NGO Comments by Ian Smillie



We would like to thank the WDC for inviting us to attend this meeting. While we feel that we have a right to participate in the Kimberley Process meetings, this meeting is yours. The invitation is a mark of the trust and confidence that we have developed in each other. If we disagree – on substance or on detail – we understand that we are on the same side in the fight against conflict diamonds. We would also like to thank the Government of South Africa for the important role it has played in championing the issue of conflict diamonds, on Abbey Chikane for his extremely able chairing of this difficult process.


We meet at a time of guarded optimism for those suffering from the wars in Sierra Leone and Angola. In Sierra Leone, peace has been declared and the state of emergency has been lifted. In Angola, the death of UNITA leader Jonas Savimbi offers hope that a negotiated settlement may now be possible. It is a time of optimism for those who have been dealing with the issue of conflict diamonds as well, because we are close to an agreement which could help to end the scourge for once and for all, ensuring that diamonds are no longer available for other rebels and other opportunists in the future.


But the wars in Africa are not over. Sierra Leone’s diamonds are still being mined with impunity by the RUF – for personal gain, to fund their electoral ambitions and perhaps more. Liberia’s warlord President Charles Taylor perfected the West African version of conflict diamonds. He  remains in power and he remains a threat. The 27 year civil war in Angola will not end overnight, and the threat of conflict will remain as long as easy diamonds are available. The conflicts in and around the Congo are perhaps the most tragic in Africa because they seem so intractable and because so few outsiders seem to care about the half century of plunder and theft that have destroyed that country and more than two million lives.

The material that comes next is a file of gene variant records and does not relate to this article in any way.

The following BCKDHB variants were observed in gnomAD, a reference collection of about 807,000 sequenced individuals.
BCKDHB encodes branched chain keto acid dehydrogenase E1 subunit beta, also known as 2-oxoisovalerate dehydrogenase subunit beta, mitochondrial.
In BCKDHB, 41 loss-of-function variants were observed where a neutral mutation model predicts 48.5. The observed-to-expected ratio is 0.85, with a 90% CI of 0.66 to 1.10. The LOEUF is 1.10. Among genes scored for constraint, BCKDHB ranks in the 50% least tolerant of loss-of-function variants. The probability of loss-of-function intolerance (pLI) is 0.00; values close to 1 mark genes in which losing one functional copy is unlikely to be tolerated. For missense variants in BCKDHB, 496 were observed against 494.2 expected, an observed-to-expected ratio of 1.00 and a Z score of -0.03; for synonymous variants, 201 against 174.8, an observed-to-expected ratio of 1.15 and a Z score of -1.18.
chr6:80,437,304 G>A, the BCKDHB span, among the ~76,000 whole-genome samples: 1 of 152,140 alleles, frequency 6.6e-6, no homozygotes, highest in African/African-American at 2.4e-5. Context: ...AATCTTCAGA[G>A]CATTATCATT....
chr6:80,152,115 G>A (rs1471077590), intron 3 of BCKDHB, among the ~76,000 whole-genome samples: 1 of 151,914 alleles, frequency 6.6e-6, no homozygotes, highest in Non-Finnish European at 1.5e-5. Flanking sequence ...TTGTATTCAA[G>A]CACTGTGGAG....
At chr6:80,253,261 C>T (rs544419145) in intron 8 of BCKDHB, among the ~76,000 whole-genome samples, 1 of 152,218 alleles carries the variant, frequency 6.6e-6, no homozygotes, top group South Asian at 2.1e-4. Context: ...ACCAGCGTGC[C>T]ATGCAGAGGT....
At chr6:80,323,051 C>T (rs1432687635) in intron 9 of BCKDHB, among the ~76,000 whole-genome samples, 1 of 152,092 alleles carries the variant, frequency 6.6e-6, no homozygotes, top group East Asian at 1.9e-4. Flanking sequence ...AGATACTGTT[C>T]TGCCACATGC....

The Kimberley Process, which is in the final stages of creating a global certification system for rough diamonds, can help to end this. It is a unique enterprise, befitting a unique industry. If it works as planned, it will become one of the first comprehensive trade arrangements to offer consumers real confidence in a product. This is something the industry will be able to take pride in – for this reason, but also because it will help to eliminate the possibility of further tragedies of the sort that have afflicted Angola, Sierra Leone and the DRC.